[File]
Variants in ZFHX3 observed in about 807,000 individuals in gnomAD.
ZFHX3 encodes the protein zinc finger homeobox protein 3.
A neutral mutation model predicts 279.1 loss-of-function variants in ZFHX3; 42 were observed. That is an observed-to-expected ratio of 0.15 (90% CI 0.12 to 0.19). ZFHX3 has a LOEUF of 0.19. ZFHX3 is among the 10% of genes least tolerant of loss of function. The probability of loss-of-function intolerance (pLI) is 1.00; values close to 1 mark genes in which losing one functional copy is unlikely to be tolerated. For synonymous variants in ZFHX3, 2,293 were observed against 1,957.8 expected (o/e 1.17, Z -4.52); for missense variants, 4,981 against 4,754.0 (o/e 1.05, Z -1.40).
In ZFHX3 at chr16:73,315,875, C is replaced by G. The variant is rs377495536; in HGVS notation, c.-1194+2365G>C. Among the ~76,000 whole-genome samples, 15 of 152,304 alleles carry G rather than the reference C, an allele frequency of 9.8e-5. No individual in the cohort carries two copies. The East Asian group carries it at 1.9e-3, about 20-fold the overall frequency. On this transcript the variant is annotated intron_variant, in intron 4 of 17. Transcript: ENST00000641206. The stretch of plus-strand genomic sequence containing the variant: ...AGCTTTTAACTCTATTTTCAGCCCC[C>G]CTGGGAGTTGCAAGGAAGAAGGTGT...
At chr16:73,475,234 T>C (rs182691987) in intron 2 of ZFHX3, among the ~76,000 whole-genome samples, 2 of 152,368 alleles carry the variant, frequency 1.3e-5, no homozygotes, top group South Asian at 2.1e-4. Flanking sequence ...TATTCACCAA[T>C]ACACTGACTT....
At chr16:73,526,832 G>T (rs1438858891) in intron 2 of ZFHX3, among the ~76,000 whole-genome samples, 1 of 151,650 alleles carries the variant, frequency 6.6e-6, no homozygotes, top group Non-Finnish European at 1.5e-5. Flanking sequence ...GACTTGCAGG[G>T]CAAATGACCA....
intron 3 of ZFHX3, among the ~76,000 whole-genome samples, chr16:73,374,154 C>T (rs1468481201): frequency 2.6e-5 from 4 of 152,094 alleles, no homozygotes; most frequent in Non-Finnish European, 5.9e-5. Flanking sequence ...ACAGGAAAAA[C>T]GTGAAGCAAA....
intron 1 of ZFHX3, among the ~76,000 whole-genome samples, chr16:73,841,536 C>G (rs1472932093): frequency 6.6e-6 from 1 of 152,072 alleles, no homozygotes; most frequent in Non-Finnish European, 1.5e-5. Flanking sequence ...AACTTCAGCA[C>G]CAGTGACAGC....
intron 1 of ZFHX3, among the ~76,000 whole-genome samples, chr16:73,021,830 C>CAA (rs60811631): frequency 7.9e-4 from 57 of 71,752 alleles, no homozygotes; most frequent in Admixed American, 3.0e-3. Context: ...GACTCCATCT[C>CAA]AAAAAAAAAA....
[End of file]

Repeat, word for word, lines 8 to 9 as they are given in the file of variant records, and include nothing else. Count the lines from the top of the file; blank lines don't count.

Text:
intron 1 of ZFHX3, among the ~76,000 whole-genome samples, chr16:73,841,536 C>G (rs1472932093): frequency 6.6e-6 from 1 of 152,072 alleles, no homozygotes; most frequent in Non-Finnish European, 1.5e-5. Flanking sequence ...AACTTCAGCA[C>G]CAGTGACAGC....
intron 1 of ZFHX3, among the ~76,000 whole-genome samples, chr16:73,021,830 C>CAA (rs60811631): frequency 7.9e-4 from 57 of 71,752 alleles, no homozygotes; most frequent in Admixed American, 3.0e-3. Context: ...GACTCCATCT[C>CAA]AAAAAAAAAA....